Photo: The White House/Pete Souz
Original: President Barack Obama formally threatened to veto the Republican debt limit increase plan, which would include steep spending cuts and a constitutional amendment to balance the budget.In a “Statement of Administration Policy,” the Office of Management and Budget said “If the President were presented this bill for signature, he would veto it.”
“The bill would undercut the Federal Government’s ability to meet its core commitments to seniors, middle-class families and the most vulnerable, while reducing our ability to invest in our future,” the statement said.
The bill, H.R. 2560, would require that a Constitutional amendment that pegs federal spending to a certain percentage of GDP be submitted to the states before the debt limit is raised.
While it will likely pass the House of Representatives, the bill is largely considered dead on arrival in the Senate.
Update: Speaker of the House John Boehner said Republicans will continue with their plan to vote on the cut, cap, and balance legislation tomorrow as scheduled. His statement is below:
“It’s disappointing the White House would reject this common-sense plan to rein in the debt and deficits that are hurting job creation in America. While American families have to set priorities and balance their books, this White House obviously isn’t serious about making the same tough choices. While the House is once again acting responsibly, the Administration still won’t say what cuts it’s willing to make to end Washington’s spending binge and the economic uncertainty it’s creating. This unfortunate veto threat should make clear that the issue is not congressional inaction, but rather the President’s unwillingness to cut spending and restrain the future growth of our government. If we are going to raise the debt limit and avoid default, the White House must be willing to demonstrate more courage than we have seen to date. The House will proceed as planned with its vote on the Cut, Cap and Balance Act.”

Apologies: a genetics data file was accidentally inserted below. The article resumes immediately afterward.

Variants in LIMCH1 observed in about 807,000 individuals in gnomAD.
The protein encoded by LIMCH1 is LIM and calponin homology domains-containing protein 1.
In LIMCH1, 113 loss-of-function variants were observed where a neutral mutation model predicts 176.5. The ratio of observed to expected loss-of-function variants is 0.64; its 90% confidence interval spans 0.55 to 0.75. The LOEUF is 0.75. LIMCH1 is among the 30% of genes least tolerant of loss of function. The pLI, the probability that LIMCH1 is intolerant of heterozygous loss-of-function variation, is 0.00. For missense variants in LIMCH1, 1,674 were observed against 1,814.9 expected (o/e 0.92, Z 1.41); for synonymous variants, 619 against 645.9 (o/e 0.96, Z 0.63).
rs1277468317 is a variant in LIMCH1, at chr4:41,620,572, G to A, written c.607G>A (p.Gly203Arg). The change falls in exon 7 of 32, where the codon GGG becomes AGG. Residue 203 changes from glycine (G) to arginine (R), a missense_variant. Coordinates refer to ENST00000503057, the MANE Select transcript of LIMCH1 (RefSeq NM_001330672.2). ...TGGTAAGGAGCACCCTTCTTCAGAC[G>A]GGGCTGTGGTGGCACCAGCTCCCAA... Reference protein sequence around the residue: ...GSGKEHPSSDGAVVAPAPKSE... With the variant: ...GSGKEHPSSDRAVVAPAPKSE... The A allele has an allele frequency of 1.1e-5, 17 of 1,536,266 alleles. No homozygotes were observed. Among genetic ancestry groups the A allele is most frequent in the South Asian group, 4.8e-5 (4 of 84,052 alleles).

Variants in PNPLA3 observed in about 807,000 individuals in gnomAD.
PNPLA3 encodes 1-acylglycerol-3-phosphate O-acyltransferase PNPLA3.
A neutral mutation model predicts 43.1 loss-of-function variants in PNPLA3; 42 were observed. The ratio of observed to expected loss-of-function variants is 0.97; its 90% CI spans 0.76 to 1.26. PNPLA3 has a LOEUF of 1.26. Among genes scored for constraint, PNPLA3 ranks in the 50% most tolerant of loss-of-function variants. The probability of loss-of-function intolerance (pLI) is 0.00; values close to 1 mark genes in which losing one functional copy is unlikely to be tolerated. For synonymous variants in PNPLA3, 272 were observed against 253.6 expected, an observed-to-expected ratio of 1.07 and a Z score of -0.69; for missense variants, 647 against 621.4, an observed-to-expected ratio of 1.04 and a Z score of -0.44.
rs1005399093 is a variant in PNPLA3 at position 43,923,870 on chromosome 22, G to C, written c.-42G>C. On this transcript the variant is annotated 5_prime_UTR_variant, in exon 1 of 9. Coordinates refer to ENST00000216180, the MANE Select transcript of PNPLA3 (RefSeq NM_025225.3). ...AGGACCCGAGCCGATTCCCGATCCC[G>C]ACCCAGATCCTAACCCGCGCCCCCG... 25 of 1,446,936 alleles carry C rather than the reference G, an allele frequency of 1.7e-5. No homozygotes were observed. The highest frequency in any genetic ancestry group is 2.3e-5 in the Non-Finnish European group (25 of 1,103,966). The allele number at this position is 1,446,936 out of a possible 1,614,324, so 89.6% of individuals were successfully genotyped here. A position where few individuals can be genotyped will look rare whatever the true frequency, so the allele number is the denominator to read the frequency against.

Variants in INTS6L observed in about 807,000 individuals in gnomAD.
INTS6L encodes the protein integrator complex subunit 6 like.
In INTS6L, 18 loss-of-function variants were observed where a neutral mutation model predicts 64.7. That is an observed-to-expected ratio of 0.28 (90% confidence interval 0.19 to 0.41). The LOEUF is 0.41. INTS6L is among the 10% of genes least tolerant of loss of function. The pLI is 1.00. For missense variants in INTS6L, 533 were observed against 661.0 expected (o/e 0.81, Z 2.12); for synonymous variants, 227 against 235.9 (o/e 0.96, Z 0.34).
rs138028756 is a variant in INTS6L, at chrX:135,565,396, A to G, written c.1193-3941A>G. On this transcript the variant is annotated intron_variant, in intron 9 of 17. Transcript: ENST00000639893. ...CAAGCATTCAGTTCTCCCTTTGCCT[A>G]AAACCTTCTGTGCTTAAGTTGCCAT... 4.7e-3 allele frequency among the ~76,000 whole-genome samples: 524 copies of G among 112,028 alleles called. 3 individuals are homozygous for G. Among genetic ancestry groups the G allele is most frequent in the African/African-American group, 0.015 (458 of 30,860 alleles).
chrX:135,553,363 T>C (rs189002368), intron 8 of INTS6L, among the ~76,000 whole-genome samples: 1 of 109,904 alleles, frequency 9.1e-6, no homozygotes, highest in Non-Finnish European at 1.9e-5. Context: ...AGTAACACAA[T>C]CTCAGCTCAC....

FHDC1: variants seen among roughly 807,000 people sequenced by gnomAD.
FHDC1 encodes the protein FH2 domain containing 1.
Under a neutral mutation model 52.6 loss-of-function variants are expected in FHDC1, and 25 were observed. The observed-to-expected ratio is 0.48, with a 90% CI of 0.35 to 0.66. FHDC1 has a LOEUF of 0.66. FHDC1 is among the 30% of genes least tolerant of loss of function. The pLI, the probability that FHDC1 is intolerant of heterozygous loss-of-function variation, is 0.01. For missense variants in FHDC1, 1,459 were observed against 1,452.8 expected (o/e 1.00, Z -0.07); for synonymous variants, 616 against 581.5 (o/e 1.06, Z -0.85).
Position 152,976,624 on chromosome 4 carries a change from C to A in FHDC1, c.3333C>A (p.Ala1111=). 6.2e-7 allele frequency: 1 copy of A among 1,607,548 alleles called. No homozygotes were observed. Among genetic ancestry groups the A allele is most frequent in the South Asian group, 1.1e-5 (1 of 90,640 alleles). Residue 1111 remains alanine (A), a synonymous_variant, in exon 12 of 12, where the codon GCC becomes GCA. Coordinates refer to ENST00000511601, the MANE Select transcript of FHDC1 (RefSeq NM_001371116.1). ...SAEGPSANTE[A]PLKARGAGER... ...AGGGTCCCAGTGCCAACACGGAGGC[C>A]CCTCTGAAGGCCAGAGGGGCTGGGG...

The full statement is below:
STATEMENT OF ADMINISTRATION POLICY
H. R. 2560 — Cut, Cap and Balance Act of 2011
(Rep. Chaffetz, R-UT, and 87 cosponsors)
The Administration strongly opposes H.R. 2560, the “Cut, Cap and Balance Act of 2011.” Neither setting arbitrary spending levels nor amending the Constitution is necessary to restore fiscal responsibility. Increasing the Federal debt limit, which is needed to avoid a Federal government default on its obligations and a severe blow to the economy, should not be conditioned on taking these actions. Instead of pursuing an empty political statement and unrealistic policy goals, it is necessary to move beyond politics as usual and find bipartisan common ground.
The bill would undercut the Federal Government’s ability to meet its core commitments to seniors, middle-class families and the most vulnerable, while reducing our ability to invest in our future. H. R. 2560 would set unrealistic spending caps that could result in significant cuts to education, research and development, and other programs critical to growing our economy and winning the future. It could also lead to severe cuts in Medicare and Social Security, which are growing to accommodate the retirement of the baby boomers, and put at risk the retirement security for tens of millions of Americans.
Furthermore, H. R. 2560 could require even deeper cuts, since it conditions an increase in the Federal debt limit on Congressional passage of a Balanced Budget Amendment. H. R. 2560 sets out a false and unacceptable choice between the Federal Government defaulting on its obligations now or, alternatively, passing a Balanced Budget Amendment that, in the years ahead, will likely leave the Nation unable to meet its core commitment of ensuring dignity in retirement.
The President has proposed a comprehensive and balanced framework that ensures we live within our means and reduces the deficit by $4 trillion, while supporting economic growth and long-term job creation, protecting critical investments, and meeting the commitments made to provide economic security to Americans no matter their circumstances. H.R. 2560 is inconsistent with this responsible framework to restore fiscal responsibility and is not an appropriate method of reducing the Nation’s deficits and debt. The Administration is committed to working with the Congress on a bipartisan basis to achieve real solutions.
If the President were presented this bill for signature, he would veto it.
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